Find 80% of Jobs on the Hidden Market

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Find 80% of Jobs on the Hidden Market

It is estimated that only 20% of all jobs are ever advertised, meaning 80% of jobs are filled by companies who never advertised the position. Instead these positions are filled by referral, the "who do you know" method of recruitment. So while keeping an eye on newspaper advertisements and internet job search sites is important, the percentages are in your favor if you investigate the hidden job market.

You may be saying, "Yeah, yeah, I've heard it before! Now, how do I access that 80%?"

Try the following, in this order...


  1. Identify types of employers you are interested in

  2. Find specific potential employers

  3. Find contacts within the target employer


1. Identify types of employers

There may be companies you are familiar with and many more that you have never heard of. Many opportunities are located in smaller businesses, so while a Fortune 500 list of companies is a good starting point, by no means should it be your only list.
Consider:

  • Kind of industry you want to work for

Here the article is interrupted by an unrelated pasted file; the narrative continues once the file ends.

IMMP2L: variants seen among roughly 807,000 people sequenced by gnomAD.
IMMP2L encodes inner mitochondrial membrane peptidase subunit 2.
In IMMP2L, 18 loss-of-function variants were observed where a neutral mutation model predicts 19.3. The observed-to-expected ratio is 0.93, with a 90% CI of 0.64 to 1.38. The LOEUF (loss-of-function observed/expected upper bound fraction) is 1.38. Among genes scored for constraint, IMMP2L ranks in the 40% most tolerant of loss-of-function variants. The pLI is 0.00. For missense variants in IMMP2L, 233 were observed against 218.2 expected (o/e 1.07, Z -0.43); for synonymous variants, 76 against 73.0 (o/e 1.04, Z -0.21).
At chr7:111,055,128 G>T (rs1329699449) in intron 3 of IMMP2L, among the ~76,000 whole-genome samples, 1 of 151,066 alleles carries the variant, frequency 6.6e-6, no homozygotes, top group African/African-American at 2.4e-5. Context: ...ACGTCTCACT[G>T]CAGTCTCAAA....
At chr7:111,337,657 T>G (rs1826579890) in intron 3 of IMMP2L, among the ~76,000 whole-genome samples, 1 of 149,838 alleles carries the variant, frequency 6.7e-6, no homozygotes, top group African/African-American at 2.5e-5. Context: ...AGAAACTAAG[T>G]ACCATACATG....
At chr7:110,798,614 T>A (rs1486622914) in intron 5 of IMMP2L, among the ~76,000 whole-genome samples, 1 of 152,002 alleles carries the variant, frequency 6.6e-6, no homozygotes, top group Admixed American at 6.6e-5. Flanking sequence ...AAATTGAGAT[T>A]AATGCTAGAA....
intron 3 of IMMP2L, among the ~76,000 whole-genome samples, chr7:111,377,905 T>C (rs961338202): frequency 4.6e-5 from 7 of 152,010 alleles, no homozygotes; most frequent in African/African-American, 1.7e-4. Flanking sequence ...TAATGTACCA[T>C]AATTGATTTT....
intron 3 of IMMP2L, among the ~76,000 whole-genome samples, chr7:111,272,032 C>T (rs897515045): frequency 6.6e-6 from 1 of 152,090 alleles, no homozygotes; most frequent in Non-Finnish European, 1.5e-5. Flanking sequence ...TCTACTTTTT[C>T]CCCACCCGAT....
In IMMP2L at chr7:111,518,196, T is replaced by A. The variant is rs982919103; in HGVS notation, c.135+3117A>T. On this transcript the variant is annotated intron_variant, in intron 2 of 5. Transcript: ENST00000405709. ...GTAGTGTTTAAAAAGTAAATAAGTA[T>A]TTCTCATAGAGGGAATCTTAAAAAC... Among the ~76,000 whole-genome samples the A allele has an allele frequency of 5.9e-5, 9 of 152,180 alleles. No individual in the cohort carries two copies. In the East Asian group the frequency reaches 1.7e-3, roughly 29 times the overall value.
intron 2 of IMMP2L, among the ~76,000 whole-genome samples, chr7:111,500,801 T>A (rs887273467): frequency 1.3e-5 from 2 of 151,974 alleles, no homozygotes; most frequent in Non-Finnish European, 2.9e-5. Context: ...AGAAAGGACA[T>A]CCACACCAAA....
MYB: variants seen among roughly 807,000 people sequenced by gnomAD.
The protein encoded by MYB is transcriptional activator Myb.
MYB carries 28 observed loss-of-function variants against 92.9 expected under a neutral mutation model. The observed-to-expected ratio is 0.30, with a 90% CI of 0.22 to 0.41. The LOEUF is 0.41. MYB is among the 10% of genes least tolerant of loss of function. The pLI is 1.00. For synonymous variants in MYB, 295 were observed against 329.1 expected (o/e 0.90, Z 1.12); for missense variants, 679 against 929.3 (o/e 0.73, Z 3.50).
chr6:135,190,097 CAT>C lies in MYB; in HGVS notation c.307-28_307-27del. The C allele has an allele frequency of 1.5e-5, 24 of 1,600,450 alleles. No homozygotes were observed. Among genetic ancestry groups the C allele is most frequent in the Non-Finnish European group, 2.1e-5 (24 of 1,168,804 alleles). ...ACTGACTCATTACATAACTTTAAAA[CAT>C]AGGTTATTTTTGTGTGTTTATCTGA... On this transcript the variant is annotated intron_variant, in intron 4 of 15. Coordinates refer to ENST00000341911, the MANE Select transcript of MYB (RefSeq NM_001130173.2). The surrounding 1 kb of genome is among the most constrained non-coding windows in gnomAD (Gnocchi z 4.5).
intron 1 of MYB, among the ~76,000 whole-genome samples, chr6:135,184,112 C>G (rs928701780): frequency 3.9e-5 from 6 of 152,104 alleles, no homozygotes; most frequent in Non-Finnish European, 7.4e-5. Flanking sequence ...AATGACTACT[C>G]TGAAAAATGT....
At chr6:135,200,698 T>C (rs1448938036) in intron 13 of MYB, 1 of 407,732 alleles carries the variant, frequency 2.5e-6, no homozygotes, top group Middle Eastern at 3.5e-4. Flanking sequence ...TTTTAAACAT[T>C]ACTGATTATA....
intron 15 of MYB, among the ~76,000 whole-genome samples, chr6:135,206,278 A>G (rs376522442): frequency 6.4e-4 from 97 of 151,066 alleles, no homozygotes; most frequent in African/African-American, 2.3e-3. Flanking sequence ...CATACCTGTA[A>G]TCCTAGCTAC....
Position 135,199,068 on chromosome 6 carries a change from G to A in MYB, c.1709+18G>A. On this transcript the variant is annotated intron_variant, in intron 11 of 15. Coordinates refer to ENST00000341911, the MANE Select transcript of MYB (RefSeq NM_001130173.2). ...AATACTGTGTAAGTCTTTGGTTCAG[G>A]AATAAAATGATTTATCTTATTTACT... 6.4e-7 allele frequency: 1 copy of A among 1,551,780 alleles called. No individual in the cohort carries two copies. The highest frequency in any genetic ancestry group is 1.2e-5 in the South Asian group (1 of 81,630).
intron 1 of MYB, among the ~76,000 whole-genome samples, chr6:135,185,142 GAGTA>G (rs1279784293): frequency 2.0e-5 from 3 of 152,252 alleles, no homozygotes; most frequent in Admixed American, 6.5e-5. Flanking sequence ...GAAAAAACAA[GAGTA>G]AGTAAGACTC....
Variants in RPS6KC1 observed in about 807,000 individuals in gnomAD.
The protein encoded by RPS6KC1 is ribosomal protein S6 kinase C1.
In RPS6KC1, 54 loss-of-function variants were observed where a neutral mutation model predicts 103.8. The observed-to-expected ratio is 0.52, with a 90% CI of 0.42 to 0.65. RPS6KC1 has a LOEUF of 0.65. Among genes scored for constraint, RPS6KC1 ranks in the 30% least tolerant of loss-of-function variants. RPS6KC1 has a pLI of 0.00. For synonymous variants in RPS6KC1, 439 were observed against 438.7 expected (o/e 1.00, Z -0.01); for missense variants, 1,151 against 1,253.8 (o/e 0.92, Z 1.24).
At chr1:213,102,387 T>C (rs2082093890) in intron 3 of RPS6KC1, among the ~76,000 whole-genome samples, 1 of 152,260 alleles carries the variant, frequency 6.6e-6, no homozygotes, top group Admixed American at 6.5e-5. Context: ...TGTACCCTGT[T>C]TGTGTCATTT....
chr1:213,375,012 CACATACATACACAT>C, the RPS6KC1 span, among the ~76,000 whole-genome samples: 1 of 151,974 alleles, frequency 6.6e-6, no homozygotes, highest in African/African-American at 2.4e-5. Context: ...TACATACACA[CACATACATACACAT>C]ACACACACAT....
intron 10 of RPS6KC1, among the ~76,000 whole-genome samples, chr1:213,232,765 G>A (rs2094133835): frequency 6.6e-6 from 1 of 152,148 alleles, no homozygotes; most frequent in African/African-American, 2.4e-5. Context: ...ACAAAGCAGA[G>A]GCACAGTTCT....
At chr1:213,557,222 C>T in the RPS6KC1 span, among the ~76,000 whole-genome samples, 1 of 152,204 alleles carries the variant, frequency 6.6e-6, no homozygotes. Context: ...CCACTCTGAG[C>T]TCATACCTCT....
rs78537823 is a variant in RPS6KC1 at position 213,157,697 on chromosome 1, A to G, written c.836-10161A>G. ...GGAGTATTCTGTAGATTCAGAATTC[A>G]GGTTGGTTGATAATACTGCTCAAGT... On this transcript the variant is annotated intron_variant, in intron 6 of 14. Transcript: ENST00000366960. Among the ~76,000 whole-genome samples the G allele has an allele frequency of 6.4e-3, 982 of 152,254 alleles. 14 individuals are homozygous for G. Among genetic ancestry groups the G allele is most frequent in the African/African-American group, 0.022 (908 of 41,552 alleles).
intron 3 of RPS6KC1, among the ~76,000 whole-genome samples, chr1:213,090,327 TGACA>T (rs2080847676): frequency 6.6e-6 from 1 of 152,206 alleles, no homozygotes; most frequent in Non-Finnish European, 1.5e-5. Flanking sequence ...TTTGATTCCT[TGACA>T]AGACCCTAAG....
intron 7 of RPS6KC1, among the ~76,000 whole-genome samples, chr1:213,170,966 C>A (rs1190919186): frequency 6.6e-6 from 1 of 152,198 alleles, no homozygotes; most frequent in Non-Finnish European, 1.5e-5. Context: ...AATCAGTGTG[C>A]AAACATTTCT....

• Skills sets you want to use

  • Where you want to live


Information to look for:

  • Who hires people who do what you want to do

  • What industry makes/does what you want to be involved with?

  • What employers are in your geographic area of interest?

  • Who do you already know?


2. Find specific potential employers
Tap into your network of professional and personal contacts to identify potential employers. Read major newspapers, especially The Wall Street Journal. Check out magazines like Fast Company. Learn more about networking and informational interviewing from tips on LifeTips.com and use general search sites to find out the types of positions that use your skills, and what types of employers seem to be hiring. A good one through the BLS (Bureau of Labor Statistics) is http://www.bls.gov/bls/industry.htm

3. Find contacts
A good contact is anyone you can tell you about a job opening, give you industry insight and advice, or can refer you to someone else who can do either of these things. Never prejudge how helpful or unhelpful your contacts are going to be. While you may not think of your dentist as a good contact if you want to get a job in advertising, you never know who he or she may know.

   

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Joe Wallace